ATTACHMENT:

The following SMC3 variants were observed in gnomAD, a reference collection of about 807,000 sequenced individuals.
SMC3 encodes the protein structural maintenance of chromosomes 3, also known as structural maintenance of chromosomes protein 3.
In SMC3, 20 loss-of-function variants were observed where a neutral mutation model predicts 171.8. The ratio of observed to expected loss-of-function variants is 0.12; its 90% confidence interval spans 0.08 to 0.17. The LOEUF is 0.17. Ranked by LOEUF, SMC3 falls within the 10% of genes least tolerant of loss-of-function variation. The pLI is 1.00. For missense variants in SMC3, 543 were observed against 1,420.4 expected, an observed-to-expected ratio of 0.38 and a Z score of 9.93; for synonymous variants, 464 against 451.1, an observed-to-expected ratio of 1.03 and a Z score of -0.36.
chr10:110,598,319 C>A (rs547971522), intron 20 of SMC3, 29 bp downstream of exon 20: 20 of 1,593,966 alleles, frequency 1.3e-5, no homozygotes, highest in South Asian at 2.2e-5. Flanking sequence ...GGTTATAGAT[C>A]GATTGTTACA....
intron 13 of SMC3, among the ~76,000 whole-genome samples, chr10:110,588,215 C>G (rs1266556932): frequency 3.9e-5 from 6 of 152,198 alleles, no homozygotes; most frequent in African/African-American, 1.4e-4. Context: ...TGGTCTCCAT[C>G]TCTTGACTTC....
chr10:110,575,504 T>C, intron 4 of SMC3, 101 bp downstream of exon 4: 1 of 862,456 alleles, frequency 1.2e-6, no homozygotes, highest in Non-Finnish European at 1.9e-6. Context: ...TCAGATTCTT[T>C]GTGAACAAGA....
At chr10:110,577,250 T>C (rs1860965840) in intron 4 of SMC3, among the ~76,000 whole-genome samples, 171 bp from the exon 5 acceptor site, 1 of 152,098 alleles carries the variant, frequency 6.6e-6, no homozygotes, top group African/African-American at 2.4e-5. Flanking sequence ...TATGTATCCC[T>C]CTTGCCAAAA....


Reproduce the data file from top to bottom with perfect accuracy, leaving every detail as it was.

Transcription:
The following SMC3 variants were observed in gnomAD, a reference collection of about 807,000 sequenced individuals.
SMC3 encodes the protein structural maintenance of chromosomes 3, also known as structural maintenance of chromosomes protein 3.
In SMC3, 20 loss-of-function variants were observed where a neutral mutation model predicts 171.8. The ratio of observed to expected loss-of-function variants is 0.12; its 90% confidence interval spans 0.08 to 0.17. The LOEUF is 0.17. Ranked by LOEUF, SMC3 falls within the 10% of genes least tolerant of loss-of-function variation. The pLI is 1.00. For missense variants in SMC3, 543 were observed against 1,420.4 expected, an observed-to-expected ratio of 0.38 and a Z score of 9.93; for synonymous variants, 464 against 451.1, an observed-to-expected ratio of 1.03 and a Z score of -0.36.
chr10:110,598,319 C>A (rs547971522), intron 20 of SMC3, 29 bp downstream of exon 20: 20 of 1,593,966 alleles, frequency 1.3e-5, no homozygotes, highest in South Asian at 2.2e-5. Flanking sequence ...GGTTATAGAT[C>A]GATTGTTACA....
intron 13 of SMC3, among the ~76,000 whole-genome samples, chr10:110,588,215 C>G (rs1266556932): frequency 3.9e-5 from 6 of 152,198 alleles, no homozygotes; most frequent in African/African-American, 1.4e-4. Context: ...TGGTCTCCAT[C>G]TCTTGACTTC....
chr10:110,575,504 T>C, intron 4 of SMC3, 101 bp downstream of exon 4: 1 of 862,456 alleles, frequency 1.2e-6, no homozygotes, highest in Non-Finnish European at 1.9e-6. Context: ...TCAGATTCTT[T>C]GTGAACAAGA....
At chr10:110,577,250 T>C (rs1860965840) in intron 4 of SMC3, among the ~76,000 whole-genome samples, 171 bp from the exon 5 acceptor site, 1 of 152,098 alleles carries the variant, frequency 6.6e-6, no homozygotes, top group African/African-American at 2.4e-5. Flanking sequence ...TATGTATCCC[T>C]CTTGCCAAAA....